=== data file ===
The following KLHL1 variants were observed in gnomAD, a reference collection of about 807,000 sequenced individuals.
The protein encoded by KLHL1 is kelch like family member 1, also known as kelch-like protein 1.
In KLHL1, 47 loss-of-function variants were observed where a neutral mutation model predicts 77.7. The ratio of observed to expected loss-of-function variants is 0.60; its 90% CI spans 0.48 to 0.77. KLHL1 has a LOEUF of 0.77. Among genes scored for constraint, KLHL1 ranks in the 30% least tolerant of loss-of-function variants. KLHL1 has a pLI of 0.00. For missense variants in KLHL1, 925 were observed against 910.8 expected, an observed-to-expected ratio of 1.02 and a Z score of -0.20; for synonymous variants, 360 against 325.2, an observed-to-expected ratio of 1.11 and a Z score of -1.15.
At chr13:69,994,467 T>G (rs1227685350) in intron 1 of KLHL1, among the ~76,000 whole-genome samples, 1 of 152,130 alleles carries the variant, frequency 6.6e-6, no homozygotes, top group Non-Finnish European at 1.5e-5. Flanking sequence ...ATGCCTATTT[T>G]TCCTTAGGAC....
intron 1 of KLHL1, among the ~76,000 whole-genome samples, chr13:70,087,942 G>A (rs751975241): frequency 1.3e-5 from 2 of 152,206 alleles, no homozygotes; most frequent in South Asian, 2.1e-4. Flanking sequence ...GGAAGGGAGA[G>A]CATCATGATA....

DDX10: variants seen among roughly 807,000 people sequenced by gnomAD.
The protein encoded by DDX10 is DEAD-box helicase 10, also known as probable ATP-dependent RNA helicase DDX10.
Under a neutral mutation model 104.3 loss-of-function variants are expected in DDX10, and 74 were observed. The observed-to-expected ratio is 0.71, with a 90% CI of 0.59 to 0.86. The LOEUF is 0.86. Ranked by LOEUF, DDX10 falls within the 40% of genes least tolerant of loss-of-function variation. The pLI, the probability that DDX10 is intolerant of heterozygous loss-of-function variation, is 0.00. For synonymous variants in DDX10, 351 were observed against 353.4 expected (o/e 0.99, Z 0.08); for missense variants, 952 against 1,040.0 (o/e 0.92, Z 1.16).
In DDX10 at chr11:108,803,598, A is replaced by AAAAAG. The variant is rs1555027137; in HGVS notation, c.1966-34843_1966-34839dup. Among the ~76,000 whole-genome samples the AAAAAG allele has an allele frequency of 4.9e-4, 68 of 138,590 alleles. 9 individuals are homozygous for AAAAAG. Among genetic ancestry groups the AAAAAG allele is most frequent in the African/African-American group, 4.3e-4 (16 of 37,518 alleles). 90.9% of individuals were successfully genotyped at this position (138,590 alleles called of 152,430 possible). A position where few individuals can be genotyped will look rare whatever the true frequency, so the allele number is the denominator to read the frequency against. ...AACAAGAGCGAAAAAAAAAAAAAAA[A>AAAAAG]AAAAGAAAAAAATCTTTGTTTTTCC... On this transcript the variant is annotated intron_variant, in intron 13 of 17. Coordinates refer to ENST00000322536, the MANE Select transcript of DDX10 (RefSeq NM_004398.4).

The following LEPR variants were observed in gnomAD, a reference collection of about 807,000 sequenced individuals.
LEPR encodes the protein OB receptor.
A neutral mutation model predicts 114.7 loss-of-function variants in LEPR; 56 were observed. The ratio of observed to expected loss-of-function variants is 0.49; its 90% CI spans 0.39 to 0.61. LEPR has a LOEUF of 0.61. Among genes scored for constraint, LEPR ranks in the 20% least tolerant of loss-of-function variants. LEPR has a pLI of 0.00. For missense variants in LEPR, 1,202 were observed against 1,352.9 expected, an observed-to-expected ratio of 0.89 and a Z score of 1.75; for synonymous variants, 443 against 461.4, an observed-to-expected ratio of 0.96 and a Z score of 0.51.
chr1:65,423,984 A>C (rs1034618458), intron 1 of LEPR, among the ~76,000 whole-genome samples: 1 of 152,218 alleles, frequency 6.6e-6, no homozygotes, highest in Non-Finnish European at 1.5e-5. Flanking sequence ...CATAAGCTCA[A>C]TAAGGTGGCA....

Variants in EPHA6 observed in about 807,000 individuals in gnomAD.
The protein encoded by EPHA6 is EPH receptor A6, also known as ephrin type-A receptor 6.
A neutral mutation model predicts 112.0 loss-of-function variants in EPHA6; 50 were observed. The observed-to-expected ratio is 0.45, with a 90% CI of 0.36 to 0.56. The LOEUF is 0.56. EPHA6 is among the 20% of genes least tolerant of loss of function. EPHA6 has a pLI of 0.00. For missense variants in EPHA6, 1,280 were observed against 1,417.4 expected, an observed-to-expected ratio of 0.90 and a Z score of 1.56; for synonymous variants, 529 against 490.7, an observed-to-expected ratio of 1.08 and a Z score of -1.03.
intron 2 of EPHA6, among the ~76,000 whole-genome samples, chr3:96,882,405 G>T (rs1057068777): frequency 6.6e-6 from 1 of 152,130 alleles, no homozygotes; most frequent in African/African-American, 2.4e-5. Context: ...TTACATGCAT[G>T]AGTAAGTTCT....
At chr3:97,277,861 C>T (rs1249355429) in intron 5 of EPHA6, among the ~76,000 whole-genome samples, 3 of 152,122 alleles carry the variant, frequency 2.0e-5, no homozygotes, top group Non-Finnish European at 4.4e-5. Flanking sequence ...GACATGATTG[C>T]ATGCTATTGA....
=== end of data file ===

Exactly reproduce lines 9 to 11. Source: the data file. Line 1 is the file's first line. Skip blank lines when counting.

In DDX10 at chr11:108,803,598, A is replaced by AAAAAG. The variant is rs1555027137; in HGVS notation, c.1966-34843_1966-34839dup. Among the ~76,000 whole-genome samples the AAAAAG allele has an allele frequency of 4.9e-4, 68 of 138,590 alleles. 9 individuals are homozygous for AAAAAG. Among genetic ancestry groups the AAAAAG allele is most frequent in the African/African-American group, 4.3e-4 (16 of 37,518 alleles). 90.9% of individuals were successfully genotyped at this position (138,590 alleles called of 152,430 possible). A position where few individuals can be genotyped will look rare whatever the true frequency, so the allele number is the denominator to read the frequency against. ...AACAAGAGCGAAAAAAAAAAAAAAA[A>AAAAAG]AAAAGAAAAAAATCTTTGTTTTTCC... On this transcript the variant is annotated intron_variant, in intron 13 of 17. Coordinates refer to ENST00000322536, the MANE Select transcript of DDX10 (RefSeq NM_004398.4).

The following LEPR variants were observed in gnomAD, a reference collection of about 807,000 sequenced individuals.
LEPR encodes the protein OB receptor.